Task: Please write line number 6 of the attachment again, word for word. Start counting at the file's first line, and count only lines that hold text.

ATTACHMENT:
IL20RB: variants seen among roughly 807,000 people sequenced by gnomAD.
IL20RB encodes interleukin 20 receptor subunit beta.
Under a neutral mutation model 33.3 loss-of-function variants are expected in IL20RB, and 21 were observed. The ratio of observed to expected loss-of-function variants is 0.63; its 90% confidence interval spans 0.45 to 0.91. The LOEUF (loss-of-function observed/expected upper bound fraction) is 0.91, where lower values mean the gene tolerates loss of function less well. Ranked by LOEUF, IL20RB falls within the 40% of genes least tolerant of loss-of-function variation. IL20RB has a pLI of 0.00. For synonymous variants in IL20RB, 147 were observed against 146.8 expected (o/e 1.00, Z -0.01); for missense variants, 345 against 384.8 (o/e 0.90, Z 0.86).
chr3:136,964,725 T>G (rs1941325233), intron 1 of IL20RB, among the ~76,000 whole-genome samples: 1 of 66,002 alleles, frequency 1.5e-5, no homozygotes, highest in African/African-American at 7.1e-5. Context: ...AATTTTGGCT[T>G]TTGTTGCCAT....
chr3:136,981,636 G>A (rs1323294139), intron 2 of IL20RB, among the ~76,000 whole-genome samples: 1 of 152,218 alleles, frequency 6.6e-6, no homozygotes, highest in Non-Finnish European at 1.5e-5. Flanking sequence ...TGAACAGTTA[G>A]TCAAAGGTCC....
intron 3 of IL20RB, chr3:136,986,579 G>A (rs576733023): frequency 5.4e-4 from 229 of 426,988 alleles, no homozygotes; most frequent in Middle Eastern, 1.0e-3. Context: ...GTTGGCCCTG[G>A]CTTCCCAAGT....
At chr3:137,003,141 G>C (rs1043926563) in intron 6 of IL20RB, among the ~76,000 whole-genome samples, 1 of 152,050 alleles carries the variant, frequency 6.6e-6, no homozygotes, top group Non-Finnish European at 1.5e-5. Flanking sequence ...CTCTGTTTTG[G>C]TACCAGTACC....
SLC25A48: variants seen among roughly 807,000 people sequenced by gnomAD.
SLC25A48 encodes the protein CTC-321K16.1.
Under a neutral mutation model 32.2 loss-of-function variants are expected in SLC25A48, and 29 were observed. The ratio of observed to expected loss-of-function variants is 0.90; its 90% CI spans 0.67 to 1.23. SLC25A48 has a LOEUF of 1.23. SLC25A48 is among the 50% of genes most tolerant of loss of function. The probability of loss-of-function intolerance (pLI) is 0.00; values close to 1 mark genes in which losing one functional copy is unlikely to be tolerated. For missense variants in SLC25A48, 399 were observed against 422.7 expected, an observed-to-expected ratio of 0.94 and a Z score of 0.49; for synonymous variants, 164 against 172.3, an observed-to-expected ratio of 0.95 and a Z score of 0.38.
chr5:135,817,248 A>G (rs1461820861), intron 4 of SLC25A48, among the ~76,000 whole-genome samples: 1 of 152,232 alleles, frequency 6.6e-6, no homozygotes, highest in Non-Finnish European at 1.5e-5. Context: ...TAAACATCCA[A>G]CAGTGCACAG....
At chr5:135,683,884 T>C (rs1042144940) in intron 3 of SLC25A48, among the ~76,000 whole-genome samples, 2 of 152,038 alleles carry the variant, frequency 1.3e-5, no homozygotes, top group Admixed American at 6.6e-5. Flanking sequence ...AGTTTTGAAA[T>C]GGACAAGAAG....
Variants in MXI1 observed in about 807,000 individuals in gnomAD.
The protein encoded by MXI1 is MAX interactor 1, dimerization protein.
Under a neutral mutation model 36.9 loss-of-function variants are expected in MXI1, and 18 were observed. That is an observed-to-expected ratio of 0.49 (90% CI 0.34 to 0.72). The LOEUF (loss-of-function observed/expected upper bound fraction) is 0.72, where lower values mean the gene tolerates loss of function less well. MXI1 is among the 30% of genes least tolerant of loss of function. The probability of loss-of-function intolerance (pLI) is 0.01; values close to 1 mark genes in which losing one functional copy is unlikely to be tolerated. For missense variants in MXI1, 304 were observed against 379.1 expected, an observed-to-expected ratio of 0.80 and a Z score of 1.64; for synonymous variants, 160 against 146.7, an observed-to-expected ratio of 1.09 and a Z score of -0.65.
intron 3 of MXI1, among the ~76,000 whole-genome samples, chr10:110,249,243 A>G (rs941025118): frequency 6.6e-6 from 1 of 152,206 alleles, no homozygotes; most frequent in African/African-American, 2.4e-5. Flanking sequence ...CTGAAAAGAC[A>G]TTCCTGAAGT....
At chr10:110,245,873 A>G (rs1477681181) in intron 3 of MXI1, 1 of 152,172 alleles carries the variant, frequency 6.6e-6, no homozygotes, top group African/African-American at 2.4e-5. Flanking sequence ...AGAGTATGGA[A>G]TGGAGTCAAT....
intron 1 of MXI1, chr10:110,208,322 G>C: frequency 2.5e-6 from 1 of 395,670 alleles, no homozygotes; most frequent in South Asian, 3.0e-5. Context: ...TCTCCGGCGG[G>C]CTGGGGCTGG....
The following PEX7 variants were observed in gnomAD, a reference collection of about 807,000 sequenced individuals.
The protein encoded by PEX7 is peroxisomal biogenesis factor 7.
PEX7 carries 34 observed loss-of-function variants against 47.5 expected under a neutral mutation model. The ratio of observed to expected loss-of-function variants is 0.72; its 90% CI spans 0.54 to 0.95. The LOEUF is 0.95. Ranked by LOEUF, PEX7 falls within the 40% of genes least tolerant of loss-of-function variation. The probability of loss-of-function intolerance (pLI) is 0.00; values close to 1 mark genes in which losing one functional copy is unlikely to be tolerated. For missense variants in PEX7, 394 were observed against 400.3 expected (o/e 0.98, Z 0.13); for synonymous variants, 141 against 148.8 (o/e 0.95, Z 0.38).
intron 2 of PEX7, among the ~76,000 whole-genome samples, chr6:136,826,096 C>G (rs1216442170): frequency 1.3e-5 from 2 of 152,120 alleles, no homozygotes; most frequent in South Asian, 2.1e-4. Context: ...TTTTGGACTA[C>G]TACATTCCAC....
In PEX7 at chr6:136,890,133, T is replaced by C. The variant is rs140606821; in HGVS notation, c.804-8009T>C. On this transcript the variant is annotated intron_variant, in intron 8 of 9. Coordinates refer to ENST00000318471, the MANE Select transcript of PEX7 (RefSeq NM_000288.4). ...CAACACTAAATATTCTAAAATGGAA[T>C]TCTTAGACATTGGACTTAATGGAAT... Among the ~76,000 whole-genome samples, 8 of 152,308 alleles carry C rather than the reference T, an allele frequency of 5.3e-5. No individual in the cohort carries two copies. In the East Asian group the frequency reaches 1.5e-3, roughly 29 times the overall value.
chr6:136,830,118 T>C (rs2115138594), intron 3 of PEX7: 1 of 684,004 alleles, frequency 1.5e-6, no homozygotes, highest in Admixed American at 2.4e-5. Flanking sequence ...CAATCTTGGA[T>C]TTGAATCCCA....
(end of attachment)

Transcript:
intron 3 of IL20RB, chr3:136,986,579 G>A (rs576733023): frequency 5.4e-4 from 229 of 426,988 alleles, no homozygotes; most frequent in Middle Eastern, 1.0e-3. Context: ...GTTGGCCCTG[G>A]CTTCCCAAGT....